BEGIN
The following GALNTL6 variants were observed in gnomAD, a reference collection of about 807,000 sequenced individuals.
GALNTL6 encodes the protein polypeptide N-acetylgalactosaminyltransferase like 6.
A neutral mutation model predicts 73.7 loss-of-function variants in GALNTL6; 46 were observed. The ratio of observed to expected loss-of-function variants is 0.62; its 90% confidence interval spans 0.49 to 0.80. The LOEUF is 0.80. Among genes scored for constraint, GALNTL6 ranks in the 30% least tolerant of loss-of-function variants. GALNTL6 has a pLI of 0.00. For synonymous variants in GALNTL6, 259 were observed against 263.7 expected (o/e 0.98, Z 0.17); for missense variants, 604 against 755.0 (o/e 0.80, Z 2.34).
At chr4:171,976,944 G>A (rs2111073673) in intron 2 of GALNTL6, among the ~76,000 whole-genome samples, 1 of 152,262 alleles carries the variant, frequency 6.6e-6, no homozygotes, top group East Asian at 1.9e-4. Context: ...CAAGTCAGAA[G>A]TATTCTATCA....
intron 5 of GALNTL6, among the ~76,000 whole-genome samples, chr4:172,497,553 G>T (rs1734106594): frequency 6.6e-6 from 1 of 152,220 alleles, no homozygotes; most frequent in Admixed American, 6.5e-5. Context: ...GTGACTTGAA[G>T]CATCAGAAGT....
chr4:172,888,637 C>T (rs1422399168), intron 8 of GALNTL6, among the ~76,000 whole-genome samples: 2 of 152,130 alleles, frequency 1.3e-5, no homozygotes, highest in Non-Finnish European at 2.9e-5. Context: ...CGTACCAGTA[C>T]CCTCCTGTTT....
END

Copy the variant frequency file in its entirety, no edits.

The following GALNTL6 variants were observed in gnomAD, a reference collection of about 807,000 sequenced individuals.
GALNTL6 encodes the protein polypeptide N-acetylgalactosaminyltransferase like 6.
A neutral mutation model predicts 73.7 loss-of-function variants in GALNTL6; 46 were observed. The ratio of observed to expected loss-of-function variants is 0.62; its 90% confidence interval spans 0.49 to 0.80. The LOEUF is 0.80. Among genes scored for constraint, GALNTL6 ranks in the 30% least tolerant of loss-of-function variants. GALNTL6 has a pLI of 0.00. For synonymous variants in GALNTL6, 259 were observed against 263.7 expected (o/e 0.98, Z 0.17); for missense variants, 604 against 755.0 (o/e 0.80, Z 2.34).
At chr4:171,976,944 G>A (rs2111073673) in intron 2 of GALNTL6, among the ~76,000 whole-genome samples, 1 of 152,262 alleles carries the variant, frequency 6.6e-6, no homozygotes, top group East Asian at 1.9e-4. Context: ...CAAGTCAGAA[G>A]TATTCTATCA....
intron 5 of GALNTL6, among the ~76,000 whole-genome samples, chr4:172,497,553 G>T (rs1734106594): frequency 6.6e-6 from 1 of 152,220 alleles, no homozygotes; most frequent in Admixed American, 6.5e-5. Context: ...GTGACTTGAA[G>T]CATCAGAAGT....
chr4:172,888,637 C>T (rs1422399168), intron 8 of GALNTL6, among the ~76,000 whole-genome samples: 2 of 152,130 alleles, frequency 1.3e-5, no homozygotes, highest in Non-Finnish European at 2.9e-5. Context: ...CGTACCAGTA[C>T]CCTCCTGTTT....